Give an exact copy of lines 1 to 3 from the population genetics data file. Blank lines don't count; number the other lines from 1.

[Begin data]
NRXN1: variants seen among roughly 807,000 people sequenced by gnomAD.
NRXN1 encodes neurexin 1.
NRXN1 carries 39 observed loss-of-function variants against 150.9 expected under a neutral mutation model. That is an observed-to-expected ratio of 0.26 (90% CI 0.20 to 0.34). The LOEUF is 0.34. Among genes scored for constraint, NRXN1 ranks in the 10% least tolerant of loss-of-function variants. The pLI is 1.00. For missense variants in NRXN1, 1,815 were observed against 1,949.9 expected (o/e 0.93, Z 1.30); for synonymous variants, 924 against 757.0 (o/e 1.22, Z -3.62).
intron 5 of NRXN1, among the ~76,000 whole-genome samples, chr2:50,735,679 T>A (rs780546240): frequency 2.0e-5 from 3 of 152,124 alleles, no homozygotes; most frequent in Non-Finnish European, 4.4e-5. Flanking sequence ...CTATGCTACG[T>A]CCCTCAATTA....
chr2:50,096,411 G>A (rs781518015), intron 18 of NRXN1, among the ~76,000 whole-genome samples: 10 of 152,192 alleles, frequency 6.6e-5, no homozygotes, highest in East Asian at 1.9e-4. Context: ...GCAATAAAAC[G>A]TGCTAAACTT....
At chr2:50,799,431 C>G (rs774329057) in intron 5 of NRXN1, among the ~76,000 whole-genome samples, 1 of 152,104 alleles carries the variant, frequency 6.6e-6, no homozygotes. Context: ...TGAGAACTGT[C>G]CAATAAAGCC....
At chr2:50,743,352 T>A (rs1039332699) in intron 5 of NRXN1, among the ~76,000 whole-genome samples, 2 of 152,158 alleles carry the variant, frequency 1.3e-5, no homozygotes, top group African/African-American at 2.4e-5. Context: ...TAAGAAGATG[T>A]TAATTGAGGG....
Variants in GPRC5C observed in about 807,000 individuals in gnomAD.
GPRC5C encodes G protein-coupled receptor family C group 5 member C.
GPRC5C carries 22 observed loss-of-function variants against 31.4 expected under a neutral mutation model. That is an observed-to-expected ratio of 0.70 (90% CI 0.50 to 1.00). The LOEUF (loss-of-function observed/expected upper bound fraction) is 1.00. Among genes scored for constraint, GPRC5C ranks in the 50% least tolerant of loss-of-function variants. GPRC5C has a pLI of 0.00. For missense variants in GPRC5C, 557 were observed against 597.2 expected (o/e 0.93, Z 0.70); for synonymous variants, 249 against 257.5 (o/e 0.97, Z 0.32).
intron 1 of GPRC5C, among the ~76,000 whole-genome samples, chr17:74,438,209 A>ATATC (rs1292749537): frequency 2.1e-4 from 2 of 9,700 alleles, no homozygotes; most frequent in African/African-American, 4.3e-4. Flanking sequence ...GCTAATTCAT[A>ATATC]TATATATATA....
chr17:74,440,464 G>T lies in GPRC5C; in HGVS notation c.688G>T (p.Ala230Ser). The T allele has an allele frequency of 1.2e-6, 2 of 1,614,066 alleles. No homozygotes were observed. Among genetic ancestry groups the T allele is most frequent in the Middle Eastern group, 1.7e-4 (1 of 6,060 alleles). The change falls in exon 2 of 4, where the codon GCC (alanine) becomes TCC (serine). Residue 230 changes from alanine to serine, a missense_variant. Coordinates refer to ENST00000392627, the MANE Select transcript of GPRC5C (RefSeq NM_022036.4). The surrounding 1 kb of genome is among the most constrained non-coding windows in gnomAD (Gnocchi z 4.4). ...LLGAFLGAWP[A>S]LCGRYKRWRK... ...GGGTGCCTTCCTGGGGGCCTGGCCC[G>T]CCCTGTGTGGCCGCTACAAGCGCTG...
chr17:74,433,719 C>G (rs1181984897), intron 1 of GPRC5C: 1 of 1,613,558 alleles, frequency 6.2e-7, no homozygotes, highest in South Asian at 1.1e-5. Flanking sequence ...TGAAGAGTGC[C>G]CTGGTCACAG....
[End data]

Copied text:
NRXN1: variants seen among roughly 807,000 people sequenced by gnomAD.
NRXN1 encodes neurexin 1.
NRXN1 carries 39 observed loss-of-function variants against 150.9 expected under a neutral mutation model. That is an observed-to-expected ratio of 0.26 (90% CI 0.20 to 0.34). The LOEUF is 0.34. Among genes scored for constraint, NRXN1 ranks in the 10% least tolerant of loss-of-function variants. The pLI is 1.00. For missense variants in NRXN1, 1,815 were observed against 1,949.9 expected (o/e 0.93, Z 1.30); for synonymous variants, 924 against 757.0 (o/e 1.22, Z -3.62).